The more awareness and mindfulness that you can bring to your thoughts and behaviors the faster you can go about changing them. Is it easy? Not at first. But it is simple. You just have to be willing to focus on it over and over until it changes.
This may not sound as fun as just going and getting a massage to relieve stress, but if you want to make that hole in the boat smaller – this is the stuff that will get you there.
Think about what it’s like when you’re stressed. Get out a pen and paper and imagine a time when you were beyond stressed out (that might even be right now).
What are the symptoms? List both physical and mental.
Common physical symptoms: Difficulty sleeping, weight loss or gain, stomach pain, teeth grinding headaches, heartburn, fatigue, nausea.
Common psychological symptoms: irritability, panic attacks, difficulty concentrating, isolation, feeling overwhelmed, obsessive or compulsive behaviors.
Now that you know what full blown stress is like for you, try to pinpoint what the first few symptoms or pre-symptoms are. Maybe one of your symptoms is a headache, but you notice that even before that your neck is tight.
Recognizing these symptoms is pivotal in helping you control the stress response.
If you can recognize these on a regular basis you can take action to relieve it before it gets a foot hold.
Now that you know what it’s like to be stressed, it’s time to figure out where it’s coming from. Of course there are broad, easy things to point at like work or traffic, but try to be more specific than that.
Are there things about your job that you find particularly stressful that you could perhaps delegate to someone else? If rush hour ruins your whole day can you look at telecommuting a couple of days (or all of them!) or switch to flex hours?
Getting really clear about the specifics of what is getting to you will help you be able to formulate a solution. If you don’t do this you might imagine that quitting your job would solve everything when all of these things will just happen at another job because you didn’t get clear on your frustrations.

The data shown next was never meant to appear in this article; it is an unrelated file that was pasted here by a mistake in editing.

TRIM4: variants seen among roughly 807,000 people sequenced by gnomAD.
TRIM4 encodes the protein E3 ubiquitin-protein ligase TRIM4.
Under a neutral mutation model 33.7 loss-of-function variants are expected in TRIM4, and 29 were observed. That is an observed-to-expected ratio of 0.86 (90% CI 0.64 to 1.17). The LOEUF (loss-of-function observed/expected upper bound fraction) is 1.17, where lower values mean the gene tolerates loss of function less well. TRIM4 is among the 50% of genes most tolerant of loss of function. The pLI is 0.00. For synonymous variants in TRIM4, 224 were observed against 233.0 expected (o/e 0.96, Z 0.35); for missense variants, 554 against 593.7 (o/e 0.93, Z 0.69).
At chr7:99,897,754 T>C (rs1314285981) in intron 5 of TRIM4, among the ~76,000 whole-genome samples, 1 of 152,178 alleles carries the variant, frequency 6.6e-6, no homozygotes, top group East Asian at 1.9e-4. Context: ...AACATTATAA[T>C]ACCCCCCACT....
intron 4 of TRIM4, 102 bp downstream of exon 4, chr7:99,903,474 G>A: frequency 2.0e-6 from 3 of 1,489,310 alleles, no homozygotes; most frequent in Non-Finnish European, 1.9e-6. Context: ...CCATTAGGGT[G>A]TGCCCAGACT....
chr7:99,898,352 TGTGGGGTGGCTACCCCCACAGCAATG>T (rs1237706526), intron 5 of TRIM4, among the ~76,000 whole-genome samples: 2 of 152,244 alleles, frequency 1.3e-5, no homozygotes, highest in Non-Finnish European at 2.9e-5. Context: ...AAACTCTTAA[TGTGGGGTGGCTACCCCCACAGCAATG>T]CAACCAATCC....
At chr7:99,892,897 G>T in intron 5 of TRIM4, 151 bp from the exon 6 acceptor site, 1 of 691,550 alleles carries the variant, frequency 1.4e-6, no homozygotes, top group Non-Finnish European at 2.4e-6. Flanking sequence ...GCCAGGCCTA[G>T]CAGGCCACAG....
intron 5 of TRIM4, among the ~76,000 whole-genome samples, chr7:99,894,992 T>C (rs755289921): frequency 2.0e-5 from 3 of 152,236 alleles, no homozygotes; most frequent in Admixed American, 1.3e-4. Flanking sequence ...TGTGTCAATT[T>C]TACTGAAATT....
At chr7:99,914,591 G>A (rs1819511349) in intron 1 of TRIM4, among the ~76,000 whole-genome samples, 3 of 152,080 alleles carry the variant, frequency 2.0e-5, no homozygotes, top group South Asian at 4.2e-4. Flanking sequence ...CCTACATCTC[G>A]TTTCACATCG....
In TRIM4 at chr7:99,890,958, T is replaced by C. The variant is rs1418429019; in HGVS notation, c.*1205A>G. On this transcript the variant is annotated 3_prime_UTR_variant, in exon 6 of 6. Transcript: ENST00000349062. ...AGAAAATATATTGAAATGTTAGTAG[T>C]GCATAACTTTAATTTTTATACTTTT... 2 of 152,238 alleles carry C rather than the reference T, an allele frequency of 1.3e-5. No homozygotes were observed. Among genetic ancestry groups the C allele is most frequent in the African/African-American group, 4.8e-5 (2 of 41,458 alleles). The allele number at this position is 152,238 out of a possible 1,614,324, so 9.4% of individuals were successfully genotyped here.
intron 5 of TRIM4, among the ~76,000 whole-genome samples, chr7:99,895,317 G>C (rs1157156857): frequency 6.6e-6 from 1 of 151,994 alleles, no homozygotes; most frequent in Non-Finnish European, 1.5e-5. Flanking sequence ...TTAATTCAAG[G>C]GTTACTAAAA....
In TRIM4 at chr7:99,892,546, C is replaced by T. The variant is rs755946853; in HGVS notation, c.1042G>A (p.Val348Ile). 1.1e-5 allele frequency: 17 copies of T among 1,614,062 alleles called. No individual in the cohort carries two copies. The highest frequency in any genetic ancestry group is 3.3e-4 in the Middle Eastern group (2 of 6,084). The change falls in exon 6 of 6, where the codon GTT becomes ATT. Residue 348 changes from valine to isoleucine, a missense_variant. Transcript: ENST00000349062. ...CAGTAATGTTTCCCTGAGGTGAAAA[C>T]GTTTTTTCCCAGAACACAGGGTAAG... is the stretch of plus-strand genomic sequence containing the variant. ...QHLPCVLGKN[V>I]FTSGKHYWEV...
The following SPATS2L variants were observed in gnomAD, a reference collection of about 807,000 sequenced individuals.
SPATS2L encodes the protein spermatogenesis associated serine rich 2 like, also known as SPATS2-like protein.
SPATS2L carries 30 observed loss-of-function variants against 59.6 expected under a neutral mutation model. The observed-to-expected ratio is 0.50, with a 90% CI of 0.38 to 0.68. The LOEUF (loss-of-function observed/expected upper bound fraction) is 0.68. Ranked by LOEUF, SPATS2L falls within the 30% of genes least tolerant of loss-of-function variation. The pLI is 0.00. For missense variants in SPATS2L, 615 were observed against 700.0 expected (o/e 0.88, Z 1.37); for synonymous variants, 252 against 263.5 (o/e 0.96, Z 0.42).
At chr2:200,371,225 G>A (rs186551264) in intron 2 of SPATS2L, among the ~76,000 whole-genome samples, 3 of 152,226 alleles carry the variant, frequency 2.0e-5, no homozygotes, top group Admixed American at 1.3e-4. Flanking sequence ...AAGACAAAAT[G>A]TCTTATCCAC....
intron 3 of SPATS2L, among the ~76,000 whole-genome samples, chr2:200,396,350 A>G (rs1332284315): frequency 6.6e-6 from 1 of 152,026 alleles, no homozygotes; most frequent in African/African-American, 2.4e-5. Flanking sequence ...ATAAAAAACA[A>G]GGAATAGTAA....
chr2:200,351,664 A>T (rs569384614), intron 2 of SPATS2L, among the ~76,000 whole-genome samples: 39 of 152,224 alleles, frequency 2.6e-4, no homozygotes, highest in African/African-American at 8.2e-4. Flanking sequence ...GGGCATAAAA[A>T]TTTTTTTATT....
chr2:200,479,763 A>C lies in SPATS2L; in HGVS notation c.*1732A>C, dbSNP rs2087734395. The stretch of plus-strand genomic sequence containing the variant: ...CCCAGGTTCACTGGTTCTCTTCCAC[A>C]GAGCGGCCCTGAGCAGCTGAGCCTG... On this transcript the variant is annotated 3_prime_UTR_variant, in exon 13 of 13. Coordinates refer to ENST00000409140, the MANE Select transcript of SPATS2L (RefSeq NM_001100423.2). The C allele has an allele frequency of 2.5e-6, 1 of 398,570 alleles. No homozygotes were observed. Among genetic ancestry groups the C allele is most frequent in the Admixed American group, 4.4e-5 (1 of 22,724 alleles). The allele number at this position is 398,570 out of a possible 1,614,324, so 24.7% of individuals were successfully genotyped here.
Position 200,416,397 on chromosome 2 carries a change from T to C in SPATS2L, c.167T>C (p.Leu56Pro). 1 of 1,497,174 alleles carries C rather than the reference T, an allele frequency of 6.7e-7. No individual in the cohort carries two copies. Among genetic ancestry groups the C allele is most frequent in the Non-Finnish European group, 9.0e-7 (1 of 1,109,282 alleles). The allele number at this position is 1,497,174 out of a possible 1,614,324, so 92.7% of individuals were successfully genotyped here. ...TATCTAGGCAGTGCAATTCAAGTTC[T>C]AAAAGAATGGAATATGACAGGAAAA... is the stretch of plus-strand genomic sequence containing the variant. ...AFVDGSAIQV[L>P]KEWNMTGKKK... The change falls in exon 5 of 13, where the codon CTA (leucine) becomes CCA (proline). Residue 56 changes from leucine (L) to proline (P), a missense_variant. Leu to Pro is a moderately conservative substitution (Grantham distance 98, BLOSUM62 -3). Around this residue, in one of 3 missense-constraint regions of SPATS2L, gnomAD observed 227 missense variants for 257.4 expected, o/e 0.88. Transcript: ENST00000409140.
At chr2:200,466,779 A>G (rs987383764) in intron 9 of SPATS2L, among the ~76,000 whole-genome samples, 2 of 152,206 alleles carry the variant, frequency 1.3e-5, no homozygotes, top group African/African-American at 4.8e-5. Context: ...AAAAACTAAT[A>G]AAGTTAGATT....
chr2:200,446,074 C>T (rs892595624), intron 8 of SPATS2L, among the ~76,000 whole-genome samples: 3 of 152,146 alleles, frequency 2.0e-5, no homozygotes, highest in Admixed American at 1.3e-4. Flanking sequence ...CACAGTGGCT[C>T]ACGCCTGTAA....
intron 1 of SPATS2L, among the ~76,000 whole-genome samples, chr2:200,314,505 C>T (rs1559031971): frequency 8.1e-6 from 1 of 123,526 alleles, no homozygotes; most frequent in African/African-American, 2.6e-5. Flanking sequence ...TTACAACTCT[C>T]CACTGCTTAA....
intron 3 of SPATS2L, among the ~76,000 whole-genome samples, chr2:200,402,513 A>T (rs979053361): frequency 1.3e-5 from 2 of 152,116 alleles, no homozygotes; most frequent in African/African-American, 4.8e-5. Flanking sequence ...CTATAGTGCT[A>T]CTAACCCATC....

Current Management Techniques
Consider what your current stress management system is. Are you practicing healthy things like deep breathing or meditation or is more like emotional eating and alcohol?
Of course there’s nothing wrong with enjoying those brownies someone left in the kitchen, but if the only reason you went into the kitchen in the first place is because you were stressed and you wanted to push it down with sugar – then that’s a problem.
The same goes for alcohol. A couple of drinks at a networking event is fine unless the reason that you decided to drink was that the whole thing was so stressful that you couldn’t stand to be there unless you had a cocktail.
ANY behavior could be a stress management behavior even if it seems harmless on the surface. The problem is the slippery slope that follows when the stress mounts and you don’t have any other healthy outlets.
I encourage you to examine your behaviors and see them for what they are – be it healthy or unhealthy. If you find yourself with more than one unhealthy behavior focus on changing just one habit at a time. Choose the most damaging and work on changing that habit.
Next week I will be discussing many techniques that you can use as healthy outlets for your stress. But until you do this psychological work to understand yourself better, all the techniques in the world won’t help when the stakes get high. Take the time to get clear on your stress so that when you implement techniques they can be as helpful as possible.